, Associate Professor in Mechanical Engineering, UMass Lowell, is an expert in Integrated Computational Materials Engineering (ICME), virtual manufacturing, and computational mechanics. She received her PhD degree in Aerospace Engineering as a collaboration between Politecnico di Torino in Italy and the University of Michigan. Her research interests include composite structures, damage mechanics, multi-scale analysis, higher-order finite elements, and additive manufacturing. Maiaru has received numerous grants from NASA, NSF, and the Air Force, including the AFOSR Young Investigator Program award in 2020 and the NSF CAREER award in 2022. She received the DEStech Young Researcher Award in 2021 and the AIAA ICME Prize in 2020 and 2022.

David Marshall
David Marshall, University of Colorado, Boulder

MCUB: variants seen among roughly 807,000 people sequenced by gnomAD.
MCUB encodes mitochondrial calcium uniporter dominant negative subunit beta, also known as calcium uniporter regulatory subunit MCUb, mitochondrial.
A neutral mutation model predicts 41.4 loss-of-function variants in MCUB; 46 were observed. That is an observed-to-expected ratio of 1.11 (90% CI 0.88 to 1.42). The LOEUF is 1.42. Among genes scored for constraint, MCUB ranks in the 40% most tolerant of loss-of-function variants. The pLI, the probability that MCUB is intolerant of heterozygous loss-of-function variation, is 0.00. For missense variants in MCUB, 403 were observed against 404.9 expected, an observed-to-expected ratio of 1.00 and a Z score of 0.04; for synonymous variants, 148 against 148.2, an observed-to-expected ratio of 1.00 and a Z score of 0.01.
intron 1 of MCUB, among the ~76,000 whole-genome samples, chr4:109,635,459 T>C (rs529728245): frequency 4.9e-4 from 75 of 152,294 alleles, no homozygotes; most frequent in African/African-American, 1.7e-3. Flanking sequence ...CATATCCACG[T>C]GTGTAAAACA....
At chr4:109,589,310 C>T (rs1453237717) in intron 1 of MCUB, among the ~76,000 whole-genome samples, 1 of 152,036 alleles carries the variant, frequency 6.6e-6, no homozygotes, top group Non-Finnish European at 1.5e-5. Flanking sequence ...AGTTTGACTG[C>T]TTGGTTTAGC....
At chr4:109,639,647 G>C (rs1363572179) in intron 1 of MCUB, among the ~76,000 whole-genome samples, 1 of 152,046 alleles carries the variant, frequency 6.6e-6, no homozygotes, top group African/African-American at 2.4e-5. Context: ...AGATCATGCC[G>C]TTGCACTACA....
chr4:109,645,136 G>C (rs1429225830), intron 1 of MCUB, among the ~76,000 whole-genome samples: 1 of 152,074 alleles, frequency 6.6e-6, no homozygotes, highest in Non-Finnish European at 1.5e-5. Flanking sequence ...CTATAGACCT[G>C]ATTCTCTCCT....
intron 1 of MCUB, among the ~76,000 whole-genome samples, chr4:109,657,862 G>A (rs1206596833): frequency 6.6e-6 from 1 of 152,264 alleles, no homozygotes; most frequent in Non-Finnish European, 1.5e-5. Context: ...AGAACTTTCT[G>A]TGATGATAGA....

David B. Marshall, Research Professor, Aerospace Engineering Sciences Department, University of Colorado, Boulder. Previously Senior Fellow and Principal Scientist, Teledyne Scientific and Imaging. PhD degree in Physics, Monash University, Melbourne, Australia (1975). Member of the National Academy of Engineering, Distinguished life member of the American Ceramic Society. Research background; strengthening, toughening, reliability, microstructural design and processing of advanced materials, especially fiber reinforced composites and structural ceramics. Development of textile based ceramic composites for high temperature applications in rockets, turbines and hypersonics.

Sanjay Sampath,
Stony Brook University